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Today's Health Highlights: Nov. 24, 2001

Conn. Will Re-Check Other Deaths for Anthrax Medicaid Crisis Looms Study Finds Cloned Cows Grow Up Healthy

Here are some of the latest health and medical news developments, compiled by editors of The HealthDay Service:

Conn. Will Re-Check Other Deaths for Anthrax

Connecticut Gov. John Rowland says the state will re-examine the deaths of other elderly people to determine whether they might have died of anthrax.

The state plans to pore over the death records of all the elderly people who have died of respiratory problems since Sept. 11, the New Haven Register reports.

The move comes in reaction to the death of Ottilie Lundgren, a 94-year-old widow who succumbed to inhalation anthrax on Wednesday. The case has sent investigators scurrying for any leads because they cannot figure out why a woman who ventured to only a few places would come down with the disease.

So far, tests of her home, her mail and the two mail centers that serve the small town of Oxford where she lived have turned up negative.


Spiraling Medicaid Costs Strap States

Skyrocketing Medicaid costs and a stumbling economy mean bad news for the millions who count on the federally funded insurance program, the Los Angeles Times reports.

As medical costs and enrollments in Medicaid spiral upward, states are struggling to keep their budgets in balance by paring benefits to millions of poor people or slashing reimbursements to providers.

Medicaid programs tend to be the biggest expense for most states, yet they are also the most needed when hard times hit, the Times says.

Here are some examples of where states are cutting back: a growing deficit in Georgia will mean a delay in plans to add people with cystic fibrosis and children of the working poor to Medicaid rolls; Indiana has cut the rates it pays to nursing homes and hospitals; Michigan has cut off funding for 19 school clinics and extra money for rural hospitals; and Florida lawmakers may roll back eligibility for pregnant women and elderly and disabled people.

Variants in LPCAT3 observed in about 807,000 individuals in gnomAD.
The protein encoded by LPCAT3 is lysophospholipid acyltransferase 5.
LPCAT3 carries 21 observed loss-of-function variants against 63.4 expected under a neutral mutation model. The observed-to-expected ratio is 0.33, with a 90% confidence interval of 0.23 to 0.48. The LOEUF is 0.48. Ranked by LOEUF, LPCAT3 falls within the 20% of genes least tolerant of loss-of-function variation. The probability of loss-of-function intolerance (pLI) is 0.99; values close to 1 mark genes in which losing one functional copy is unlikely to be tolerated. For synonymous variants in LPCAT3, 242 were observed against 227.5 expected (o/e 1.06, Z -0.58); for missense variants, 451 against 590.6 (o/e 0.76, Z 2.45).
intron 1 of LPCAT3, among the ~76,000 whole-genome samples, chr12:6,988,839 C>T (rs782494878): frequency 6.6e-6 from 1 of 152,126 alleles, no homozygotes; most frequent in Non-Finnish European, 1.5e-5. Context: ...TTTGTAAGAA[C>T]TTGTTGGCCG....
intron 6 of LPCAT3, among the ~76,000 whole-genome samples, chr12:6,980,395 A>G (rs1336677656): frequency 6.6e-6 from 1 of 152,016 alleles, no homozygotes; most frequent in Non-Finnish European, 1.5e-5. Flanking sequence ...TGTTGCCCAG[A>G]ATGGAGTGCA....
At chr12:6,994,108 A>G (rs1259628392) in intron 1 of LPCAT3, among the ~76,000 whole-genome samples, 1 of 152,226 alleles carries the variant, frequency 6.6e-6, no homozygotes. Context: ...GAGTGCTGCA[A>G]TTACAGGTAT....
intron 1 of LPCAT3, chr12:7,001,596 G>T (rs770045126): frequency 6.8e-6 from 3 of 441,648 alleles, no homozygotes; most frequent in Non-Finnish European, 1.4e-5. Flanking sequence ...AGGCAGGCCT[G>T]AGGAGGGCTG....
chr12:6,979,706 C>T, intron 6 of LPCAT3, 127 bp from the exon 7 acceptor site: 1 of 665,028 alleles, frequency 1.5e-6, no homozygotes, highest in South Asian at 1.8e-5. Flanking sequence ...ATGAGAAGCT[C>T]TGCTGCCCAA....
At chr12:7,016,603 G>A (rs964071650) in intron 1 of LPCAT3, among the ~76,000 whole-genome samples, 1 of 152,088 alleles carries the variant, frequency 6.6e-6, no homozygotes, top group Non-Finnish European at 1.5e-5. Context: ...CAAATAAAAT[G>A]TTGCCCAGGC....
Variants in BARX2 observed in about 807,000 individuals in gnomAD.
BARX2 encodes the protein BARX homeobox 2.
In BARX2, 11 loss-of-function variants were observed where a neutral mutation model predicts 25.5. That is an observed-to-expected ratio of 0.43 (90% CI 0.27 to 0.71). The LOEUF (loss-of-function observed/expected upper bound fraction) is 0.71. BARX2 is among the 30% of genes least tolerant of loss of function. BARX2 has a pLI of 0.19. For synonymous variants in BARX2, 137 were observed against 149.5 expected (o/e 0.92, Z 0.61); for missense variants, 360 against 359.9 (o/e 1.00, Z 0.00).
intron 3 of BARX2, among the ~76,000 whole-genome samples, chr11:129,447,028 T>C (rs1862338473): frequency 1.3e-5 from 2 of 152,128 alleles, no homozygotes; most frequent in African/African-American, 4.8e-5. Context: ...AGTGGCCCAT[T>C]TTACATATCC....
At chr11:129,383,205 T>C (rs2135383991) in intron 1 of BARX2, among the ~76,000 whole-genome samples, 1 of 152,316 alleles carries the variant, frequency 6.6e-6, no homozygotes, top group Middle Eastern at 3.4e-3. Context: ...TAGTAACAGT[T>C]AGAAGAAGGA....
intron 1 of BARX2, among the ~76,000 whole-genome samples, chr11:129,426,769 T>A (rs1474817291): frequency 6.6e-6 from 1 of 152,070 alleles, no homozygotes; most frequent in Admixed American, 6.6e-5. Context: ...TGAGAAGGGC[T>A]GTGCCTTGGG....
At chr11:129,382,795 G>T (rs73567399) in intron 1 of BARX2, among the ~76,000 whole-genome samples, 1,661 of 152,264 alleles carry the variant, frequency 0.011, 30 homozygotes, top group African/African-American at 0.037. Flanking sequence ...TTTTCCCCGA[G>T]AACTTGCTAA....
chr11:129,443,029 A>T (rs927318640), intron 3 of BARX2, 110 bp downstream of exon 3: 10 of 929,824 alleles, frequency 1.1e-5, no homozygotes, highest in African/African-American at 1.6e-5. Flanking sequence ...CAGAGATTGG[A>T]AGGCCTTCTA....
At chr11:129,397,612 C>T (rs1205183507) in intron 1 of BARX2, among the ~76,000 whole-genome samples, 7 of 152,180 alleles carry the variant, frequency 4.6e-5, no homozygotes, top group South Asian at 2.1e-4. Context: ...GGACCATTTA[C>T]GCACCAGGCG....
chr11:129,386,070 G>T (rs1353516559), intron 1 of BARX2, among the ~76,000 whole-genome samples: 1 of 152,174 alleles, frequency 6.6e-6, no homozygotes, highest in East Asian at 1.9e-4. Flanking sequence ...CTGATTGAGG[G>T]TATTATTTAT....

And matters will only get worse if recent unemployment predictions hold true, the Times adds. A report from the Urban Institute last month suggests that if the unemployment rate hits 6.5 percent next year, Medicaid rolls will jump by 3.2 million, to more than 43 million.


Cloned Cows Grow Up Nicely

A study in the latest issue of the journal Science found that 24 cloned Holsteins are still alive and healthy up to four years after they were born, the Associated Press reports.

The cows had healthy immune systems and normal puberties. Two of the cloned cows even gave birth to what appear to be normal calves, scientists say. Six of the 30 cows evaluated died shortly after birth, a slightly higher mortality rate than normal for cows. But those who survived showed normal behavior.

The researchers note their study is one of the first to examine the health of cloned animals well into adulthood. Animals were studied at various centers in the United States, and the findings precede a meeting Tuesday before the National Academy of Sciences where cloning and animal safety issues will be discussed.


Families Blame L.I. County in West Nile Deaths

The families of two Long Island residents who died of West Nile virus say Nassau County failed to spray for infected mosquitoes.

"My father's dead because they didn't spray," the New York Times quotes Charles Fink as saying. "We're definitely going to file a lawsuit."

Fink's father, Karl Fink, 77, died early Thursday after having fought the virus for nine weeks.

Fink says he plans to file a wrongful death suit along with the family of Adeline Bisignano, who died of West Nile virus on Oct. 26. The Times says the two families, who lived less than a mile apart, didn't get to know one another till their loved ones became ill.

Nassau County sprayed insecticide in 1999, when the virus first surfaced in the New York area, and did so again last year on a much more limited basis. The county says it decided against spraying this year because it didn't find any mosquito infestation, the Times reports. Surrounding counties did spray.


U.S. Moves to Consolidate Food Inspections

The U.S. government, concerned that the nation's food supply may be the next target of terrorists, plans to revive a plan to consolidate food inspections under one agency .

The Los Angeles Times reports the current system is a hodgepodge, and the food industry is comfortable with the familiar. A dozen agencies are responsible for inspecting food, and in odd ways, the Times says. For instance, the U.S. Food and Drug Administration oversees the safety of cheese pizza, but the responsibility falls to the U.S. Department of Agriculture if the pizza has pepperoni on it.

Tom Ridge, the new homeland security chief, says new concerns should prompt the creation of a single agency with food safety as its primary responsibility.

Critics have called the current system duplicative and inefficient, the report says.

The food industry, however, says no change is needed. "The truth is, the system is not broken," Kelly Johnston, executive vice president and lobbyist for the National Food Processors Association, told the Times.

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